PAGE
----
J2ME Personal Profile, known as JSR 62, made its way through an approval regime called the Java Community Process, members of which include Ericsson, IBM, Philips, Research in Motion and Texas Instruments, all vital players in the mobile device industry.

The new specification will be made available to developers at JavaOne. Sun has released the reference implementation of Personal Profile, and developers creating for the Linux operating system on Intel's StrongARM processors will soon get an optimised version based on the Connected Device Configuration, Hotspot Implementation (known as CDC HI).

This includes an optimised compiler to provide better Java performance on mobile devices. Sharp's Zaurus SL-5500 PDA is the best-known example of Linux running on StrongARM.

Sun is pitching Personal Profile as a cross-platform option for full-fledged applications. "Developers can now completely realise client device potential by building Java applications and applets that deliver a significant increase in computational performance, a small footprint and quicker application start-up," said Juan Dewar, director of Strategic Solutions and Devices at Sun, in a statement.

As Personal Profile is based on the Connected Device Configuration, it includes technologies not found in some lower-end Java implementations, such as on-board bytecode verification, a Java Native Interface and an Abstract Windowing Toolkit, Sun said.

The J2ME Personal Profile specification is available on Sun's Java Web site, while the reference implementation and technology compatibility kit are available through Sun's engineer programme.

J2EE 1.4, for its part, supports Web services features such as UDDI and ebXML registries and repositories, SOAP, XML processing and schemas and the Web Services Description Language (WSDL), Sun said.

The enterprise specification is designed to make it easy for developers to create Web services for deployment on multiple platforms. In this respect its highest-profile competitor is Microsoft's wide-ranging .Net technology, which includes a Java-rivalling programming language, C#.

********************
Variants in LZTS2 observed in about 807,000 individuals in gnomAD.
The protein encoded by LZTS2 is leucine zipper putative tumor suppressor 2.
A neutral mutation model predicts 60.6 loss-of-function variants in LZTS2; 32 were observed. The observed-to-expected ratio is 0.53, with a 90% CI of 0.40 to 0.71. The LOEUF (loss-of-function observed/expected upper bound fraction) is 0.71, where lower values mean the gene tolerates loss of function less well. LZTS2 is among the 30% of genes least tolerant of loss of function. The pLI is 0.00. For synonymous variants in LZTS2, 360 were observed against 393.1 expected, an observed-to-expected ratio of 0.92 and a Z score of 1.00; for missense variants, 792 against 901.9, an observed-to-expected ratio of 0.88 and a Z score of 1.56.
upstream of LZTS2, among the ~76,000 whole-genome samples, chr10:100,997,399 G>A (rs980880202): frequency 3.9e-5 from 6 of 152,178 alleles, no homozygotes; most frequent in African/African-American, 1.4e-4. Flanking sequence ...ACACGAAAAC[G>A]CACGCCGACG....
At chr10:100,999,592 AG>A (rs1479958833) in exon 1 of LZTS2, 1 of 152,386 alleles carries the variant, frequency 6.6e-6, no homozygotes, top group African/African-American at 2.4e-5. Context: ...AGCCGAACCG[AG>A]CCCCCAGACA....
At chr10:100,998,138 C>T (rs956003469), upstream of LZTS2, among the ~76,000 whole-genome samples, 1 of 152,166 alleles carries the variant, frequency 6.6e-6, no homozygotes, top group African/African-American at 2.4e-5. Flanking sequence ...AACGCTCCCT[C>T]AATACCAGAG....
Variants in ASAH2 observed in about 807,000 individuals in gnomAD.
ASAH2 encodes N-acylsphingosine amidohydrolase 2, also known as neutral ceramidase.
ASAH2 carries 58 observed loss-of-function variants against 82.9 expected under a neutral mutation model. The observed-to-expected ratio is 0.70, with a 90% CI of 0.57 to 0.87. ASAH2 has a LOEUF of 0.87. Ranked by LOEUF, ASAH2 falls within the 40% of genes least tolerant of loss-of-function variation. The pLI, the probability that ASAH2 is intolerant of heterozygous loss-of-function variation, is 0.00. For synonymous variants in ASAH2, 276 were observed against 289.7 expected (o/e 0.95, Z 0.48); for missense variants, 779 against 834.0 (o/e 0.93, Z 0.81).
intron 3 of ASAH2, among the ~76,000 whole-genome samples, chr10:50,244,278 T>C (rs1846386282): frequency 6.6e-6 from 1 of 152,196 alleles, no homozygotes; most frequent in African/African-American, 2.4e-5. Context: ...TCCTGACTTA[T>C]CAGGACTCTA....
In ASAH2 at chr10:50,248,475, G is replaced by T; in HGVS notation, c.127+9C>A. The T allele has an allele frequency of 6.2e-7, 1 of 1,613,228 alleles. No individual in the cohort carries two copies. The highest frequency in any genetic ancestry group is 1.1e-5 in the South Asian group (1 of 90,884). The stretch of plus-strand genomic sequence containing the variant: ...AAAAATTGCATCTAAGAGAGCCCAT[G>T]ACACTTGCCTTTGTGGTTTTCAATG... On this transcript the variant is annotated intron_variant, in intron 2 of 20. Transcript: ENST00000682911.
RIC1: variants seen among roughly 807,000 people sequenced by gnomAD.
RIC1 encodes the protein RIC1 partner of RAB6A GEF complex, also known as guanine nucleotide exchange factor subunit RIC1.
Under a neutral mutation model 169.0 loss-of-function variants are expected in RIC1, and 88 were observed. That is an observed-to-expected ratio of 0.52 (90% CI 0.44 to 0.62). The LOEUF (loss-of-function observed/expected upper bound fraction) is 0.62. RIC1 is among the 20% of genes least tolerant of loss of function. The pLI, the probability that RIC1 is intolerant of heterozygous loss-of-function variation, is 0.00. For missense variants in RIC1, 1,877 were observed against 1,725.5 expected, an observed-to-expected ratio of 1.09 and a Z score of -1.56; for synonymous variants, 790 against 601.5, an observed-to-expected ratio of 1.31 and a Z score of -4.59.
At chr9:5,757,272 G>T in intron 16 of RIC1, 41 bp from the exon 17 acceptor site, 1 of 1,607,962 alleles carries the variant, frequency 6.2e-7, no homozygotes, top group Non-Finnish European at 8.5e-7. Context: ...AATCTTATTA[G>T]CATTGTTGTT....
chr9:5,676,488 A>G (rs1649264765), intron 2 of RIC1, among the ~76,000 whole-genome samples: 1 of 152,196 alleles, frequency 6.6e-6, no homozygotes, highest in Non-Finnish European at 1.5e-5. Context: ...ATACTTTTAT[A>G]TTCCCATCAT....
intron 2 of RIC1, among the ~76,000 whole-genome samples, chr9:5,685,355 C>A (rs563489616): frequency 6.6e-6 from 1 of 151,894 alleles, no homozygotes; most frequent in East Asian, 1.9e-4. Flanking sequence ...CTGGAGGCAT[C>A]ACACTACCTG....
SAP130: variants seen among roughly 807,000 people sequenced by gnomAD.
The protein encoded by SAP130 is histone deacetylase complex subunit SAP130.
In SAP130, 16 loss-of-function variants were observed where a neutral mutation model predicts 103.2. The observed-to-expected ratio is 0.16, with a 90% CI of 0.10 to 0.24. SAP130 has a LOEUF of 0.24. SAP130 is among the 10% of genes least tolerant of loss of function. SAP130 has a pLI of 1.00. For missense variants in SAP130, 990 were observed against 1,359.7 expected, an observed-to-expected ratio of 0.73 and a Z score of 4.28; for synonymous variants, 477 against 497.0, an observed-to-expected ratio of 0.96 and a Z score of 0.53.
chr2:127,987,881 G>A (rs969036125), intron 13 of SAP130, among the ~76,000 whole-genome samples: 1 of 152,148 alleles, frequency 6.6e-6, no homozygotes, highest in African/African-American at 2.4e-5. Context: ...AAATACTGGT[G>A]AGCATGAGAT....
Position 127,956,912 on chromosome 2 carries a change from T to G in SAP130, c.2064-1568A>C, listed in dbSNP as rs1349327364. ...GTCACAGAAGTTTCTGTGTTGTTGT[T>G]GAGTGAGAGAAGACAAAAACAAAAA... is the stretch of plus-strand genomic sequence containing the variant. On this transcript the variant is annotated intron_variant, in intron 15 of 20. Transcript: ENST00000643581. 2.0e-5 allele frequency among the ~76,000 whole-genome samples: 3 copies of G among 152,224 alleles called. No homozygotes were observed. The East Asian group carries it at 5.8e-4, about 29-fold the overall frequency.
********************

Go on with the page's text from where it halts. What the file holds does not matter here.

Microsoft's .Net Compact Framework competes with Java on mobile devices. A second test version of Compact Framework was released earlier this month.

While many mobile phone manufacturers have adopted MIDP and other Java platforms, developers complain that the applications must be altered so much for each device that the promise of "write once, run anywhere" is not being realised.


Journal Journal: Apple releases Rendezvous code

Apple releases Rendezvous code

Globe and Mail Update

The source code for Apple's new Rendezvous networking technology will be released to the public, Apple Canada announced Thursday.

The move will allow developers to use Rendezvous technology in their network devices or software.

Rendezvous support is built into Mac OS X version 10.2 (Jaguar) and is used by Apple's iChat application. The source code includes software to support UNIX, Linux, and Windows-based systems and devices.

Apple said it is submitting Rendezvous to the IETF Zeroconf Working Group to develop the zero-configuration IP networking technology as an open standard. The procedure is part of the IETF standardization process.

Based on open Internet Engineering Task Force Standard Protocols such as Internet Protocol (IP), Address Resolution Protocol (ARP) and Domain Name System (DNS), Rendezvous automatically discovers and connects devices over any IP network, such as Ethernet or 802.11-based wireless networks such as Apple's Airport.

Apple said that a number of manufacturers of network products - such as network printers, consumer electronics, enterprise database management and educational applications - have said they will support Rendezvous. Among them are Canon, Epson, Hewlett-Packard, Lexmark, Philips, Sybase, World Book and Xerox.

"By supporting an open standards process and providing open source software that is available today, Apple is encouraging the rapid adoption of Rendezvous technology,"
Apple worldwide product marketing vice president Philip Schiller said in making the announcement.

Developers can download the source code for Rendezvous under the Apple Public Source License from Apple beginning immediately.

Also available from the same download site as open-source releases are the Darwin 6.0.1 operating system and additional Open Directory plug-ins.